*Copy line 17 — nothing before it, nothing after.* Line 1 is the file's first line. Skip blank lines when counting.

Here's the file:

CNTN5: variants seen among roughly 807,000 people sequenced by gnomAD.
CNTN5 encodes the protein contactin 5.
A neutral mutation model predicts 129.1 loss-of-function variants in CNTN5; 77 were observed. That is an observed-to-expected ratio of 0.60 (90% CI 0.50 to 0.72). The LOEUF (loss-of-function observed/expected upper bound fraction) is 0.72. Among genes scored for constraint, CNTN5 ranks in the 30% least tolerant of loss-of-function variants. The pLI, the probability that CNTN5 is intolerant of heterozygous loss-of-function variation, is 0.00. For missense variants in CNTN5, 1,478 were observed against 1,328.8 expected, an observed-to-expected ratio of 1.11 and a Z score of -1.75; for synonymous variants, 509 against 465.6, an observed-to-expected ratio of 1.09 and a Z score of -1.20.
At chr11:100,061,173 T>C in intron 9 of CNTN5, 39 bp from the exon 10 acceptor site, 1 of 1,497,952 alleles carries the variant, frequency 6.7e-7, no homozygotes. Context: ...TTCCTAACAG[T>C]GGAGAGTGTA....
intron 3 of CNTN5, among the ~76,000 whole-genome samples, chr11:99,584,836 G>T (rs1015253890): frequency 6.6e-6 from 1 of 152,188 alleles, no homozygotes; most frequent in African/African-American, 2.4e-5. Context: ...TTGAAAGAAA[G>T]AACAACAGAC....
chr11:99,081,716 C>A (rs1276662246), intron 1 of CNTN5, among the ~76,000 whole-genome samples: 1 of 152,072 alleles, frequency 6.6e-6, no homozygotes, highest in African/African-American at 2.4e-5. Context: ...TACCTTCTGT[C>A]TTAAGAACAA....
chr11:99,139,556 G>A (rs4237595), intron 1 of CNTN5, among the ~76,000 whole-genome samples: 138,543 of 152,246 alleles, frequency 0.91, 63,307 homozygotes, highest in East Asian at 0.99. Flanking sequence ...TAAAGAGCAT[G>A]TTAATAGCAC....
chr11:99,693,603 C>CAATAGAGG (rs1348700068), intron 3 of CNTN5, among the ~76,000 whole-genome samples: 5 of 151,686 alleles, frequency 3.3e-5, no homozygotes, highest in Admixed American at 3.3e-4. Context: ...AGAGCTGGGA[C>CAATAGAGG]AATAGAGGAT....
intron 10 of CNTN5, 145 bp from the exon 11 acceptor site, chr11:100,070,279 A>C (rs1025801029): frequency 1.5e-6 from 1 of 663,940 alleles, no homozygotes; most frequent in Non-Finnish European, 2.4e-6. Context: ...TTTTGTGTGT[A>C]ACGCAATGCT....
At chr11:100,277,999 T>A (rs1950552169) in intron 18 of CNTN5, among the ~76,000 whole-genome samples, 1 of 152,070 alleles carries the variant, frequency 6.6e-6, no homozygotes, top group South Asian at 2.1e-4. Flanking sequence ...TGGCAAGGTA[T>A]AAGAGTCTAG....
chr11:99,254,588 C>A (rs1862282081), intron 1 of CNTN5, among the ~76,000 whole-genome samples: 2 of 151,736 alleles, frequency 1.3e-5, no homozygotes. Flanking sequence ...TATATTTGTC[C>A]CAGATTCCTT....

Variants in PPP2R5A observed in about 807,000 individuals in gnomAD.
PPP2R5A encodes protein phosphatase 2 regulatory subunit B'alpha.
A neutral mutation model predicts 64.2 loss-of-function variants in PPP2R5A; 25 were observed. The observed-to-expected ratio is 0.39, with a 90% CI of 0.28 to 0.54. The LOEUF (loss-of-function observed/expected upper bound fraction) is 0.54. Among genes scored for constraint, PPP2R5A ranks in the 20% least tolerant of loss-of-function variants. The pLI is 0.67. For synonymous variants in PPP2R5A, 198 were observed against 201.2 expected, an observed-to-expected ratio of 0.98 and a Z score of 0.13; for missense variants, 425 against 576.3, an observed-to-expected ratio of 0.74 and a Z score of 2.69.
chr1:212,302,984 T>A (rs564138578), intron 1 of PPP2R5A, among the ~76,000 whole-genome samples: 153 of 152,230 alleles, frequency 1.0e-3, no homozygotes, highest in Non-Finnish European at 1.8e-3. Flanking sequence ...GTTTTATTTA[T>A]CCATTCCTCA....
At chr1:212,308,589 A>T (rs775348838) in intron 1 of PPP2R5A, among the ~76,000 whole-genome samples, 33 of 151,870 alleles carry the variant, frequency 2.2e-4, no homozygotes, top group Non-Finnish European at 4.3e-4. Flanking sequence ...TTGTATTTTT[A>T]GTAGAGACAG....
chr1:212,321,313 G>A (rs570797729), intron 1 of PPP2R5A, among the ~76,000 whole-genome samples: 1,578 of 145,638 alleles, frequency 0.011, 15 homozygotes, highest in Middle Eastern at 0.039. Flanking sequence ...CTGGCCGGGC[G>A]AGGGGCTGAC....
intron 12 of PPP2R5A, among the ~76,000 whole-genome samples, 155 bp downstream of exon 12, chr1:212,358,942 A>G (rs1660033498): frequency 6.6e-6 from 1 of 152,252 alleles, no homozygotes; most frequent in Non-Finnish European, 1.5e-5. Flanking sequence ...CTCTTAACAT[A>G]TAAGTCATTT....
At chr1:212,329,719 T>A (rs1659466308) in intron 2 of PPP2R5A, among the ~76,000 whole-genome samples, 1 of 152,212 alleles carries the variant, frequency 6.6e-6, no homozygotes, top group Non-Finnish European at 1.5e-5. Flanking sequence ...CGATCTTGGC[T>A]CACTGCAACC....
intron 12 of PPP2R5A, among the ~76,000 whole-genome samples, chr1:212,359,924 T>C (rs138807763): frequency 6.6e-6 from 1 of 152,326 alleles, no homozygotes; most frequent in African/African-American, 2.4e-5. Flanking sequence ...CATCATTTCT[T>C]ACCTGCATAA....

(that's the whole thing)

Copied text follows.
chr1:212,321,313 G>A (rs570797729), intron 1 of PPP2R5A, among the ~76,000 whole-genome samples: 1,578 of 145,638 alleles, frequency 0.011, 15 homozygotes, highest in Middle Eastern at 0.039. Flanking sequence ...CTGGCCGGGC[G>A]AGGGGCTGAC....